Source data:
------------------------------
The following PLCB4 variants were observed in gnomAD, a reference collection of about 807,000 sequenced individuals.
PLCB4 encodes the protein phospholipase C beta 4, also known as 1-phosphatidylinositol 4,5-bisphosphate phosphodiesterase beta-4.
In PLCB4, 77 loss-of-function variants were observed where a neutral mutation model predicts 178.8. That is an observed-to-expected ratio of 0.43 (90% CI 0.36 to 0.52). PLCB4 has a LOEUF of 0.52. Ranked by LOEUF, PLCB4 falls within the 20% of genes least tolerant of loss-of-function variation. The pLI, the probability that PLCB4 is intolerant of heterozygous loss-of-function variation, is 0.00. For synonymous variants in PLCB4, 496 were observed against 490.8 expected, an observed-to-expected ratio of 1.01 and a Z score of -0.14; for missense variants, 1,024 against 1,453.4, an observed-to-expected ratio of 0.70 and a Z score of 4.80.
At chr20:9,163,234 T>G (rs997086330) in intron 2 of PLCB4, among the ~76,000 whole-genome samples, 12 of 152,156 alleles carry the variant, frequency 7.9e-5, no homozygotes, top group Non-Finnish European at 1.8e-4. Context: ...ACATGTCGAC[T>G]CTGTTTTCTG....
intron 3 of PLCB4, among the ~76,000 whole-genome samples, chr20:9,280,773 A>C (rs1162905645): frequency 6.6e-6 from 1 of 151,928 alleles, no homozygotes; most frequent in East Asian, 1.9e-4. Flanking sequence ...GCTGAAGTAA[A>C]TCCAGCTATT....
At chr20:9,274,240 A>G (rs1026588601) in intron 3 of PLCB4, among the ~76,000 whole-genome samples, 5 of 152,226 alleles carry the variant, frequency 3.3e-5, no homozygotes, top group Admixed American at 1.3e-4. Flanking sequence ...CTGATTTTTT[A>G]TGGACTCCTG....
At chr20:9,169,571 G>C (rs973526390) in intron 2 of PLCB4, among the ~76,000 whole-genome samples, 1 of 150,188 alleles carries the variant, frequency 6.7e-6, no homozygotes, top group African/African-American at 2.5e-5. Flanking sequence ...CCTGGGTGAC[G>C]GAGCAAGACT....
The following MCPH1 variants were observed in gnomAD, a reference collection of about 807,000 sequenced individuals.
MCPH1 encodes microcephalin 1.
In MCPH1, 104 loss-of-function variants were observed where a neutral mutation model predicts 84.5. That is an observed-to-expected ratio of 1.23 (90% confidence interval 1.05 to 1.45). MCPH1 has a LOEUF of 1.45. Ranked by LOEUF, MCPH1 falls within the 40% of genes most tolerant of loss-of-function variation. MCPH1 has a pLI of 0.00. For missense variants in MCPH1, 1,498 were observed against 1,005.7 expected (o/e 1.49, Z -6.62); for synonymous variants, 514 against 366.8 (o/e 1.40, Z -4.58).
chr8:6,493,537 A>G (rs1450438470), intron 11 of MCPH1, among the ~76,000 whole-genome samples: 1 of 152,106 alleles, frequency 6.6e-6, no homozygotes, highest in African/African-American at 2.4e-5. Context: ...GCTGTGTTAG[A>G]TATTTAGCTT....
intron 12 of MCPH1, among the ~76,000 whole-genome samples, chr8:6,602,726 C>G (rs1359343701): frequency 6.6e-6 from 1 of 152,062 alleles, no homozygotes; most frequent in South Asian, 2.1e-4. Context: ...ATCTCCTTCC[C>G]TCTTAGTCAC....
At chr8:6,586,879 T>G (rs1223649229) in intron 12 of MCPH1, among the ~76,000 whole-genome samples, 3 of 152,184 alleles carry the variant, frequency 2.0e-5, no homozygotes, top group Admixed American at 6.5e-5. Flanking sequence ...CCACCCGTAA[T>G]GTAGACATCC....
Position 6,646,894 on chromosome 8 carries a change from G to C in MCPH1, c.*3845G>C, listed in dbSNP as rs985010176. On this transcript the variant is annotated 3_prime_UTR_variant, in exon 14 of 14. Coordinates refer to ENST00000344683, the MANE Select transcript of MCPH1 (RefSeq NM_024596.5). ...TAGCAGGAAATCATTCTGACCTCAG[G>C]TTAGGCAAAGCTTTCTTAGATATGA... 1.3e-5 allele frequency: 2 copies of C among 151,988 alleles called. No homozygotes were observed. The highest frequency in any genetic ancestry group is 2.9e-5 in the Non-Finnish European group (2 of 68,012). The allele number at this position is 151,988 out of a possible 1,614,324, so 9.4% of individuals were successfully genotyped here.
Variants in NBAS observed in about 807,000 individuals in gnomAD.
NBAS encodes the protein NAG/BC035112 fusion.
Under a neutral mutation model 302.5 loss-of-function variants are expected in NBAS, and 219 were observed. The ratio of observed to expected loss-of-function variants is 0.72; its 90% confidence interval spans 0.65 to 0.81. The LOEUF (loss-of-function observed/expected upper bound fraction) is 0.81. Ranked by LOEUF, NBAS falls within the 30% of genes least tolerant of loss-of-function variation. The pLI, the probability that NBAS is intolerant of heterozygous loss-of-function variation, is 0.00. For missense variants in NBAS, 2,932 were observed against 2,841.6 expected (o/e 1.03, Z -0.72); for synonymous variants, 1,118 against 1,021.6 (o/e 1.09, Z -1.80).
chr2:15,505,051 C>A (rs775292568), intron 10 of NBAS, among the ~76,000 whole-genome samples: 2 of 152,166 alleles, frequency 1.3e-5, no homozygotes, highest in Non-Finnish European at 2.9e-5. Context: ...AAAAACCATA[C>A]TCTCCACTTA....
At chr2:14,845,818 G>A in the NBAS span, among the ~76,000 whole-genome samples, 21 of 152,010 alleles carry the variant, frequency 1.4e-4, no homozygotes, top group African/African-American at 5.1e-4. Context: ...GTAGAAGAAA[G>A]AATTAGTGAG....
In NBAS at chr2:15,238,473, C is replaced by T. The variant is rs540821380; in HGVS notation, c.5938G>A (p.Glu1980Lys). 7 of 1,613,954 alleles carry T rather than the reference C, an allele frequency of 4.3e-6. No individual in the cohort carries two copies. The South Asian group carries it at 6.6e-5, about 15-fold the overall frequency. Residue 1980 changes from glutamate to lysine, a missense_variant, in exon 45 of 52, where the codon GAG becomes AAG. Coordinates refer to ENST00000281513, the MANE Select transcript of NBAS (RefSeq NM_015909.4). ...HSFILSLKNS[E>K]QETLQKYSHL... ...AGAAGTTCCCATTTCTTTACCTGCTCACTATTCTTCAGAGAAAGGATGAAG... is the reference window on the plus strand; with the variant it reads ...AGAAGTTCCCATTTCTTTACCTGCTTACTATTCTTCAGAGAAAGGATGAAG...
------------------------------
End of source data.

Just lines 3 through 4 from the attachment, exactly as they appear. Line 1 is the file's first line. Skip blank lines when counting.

In PLCB4, 77 loss-of-function variants were observed where a neutral mutation model predicts 178.8. That is an observed-to-expected ratio of 0.43 (90% CI 0.36 to 0.52). PLCB4 has a LOEUF of 0.52. Ranked by LOEUF, PLCB4 falls within the 20% of genes least tolerant of loss-of-function variation. The pLI, the probability that PLCB4 is intolerant of heterozygous loss-of-function variation, is 0.00. For synonymous variants in PLCB4, 496 were observed against 490.8 expected, an observed-to-expected ratio of 1.01 and a Z score of -0.14; for missense variants, 1,024 against 1,453.4, an observed-to-expected ratio of 0.70 and a Z score of 4.80.
At chr20:9,163,234 T>G (rs997086330) in intron 2 of PLCB4, among the ~76,000 whole-genome samples, 12 of 152,156 alleles carry the variant, frequency 7.9e-5, no homozygotes, top group Non-Finnish European at 1.8e-4. Context: ...ACATGTCGAC[T>G]CTGTTTTCTG....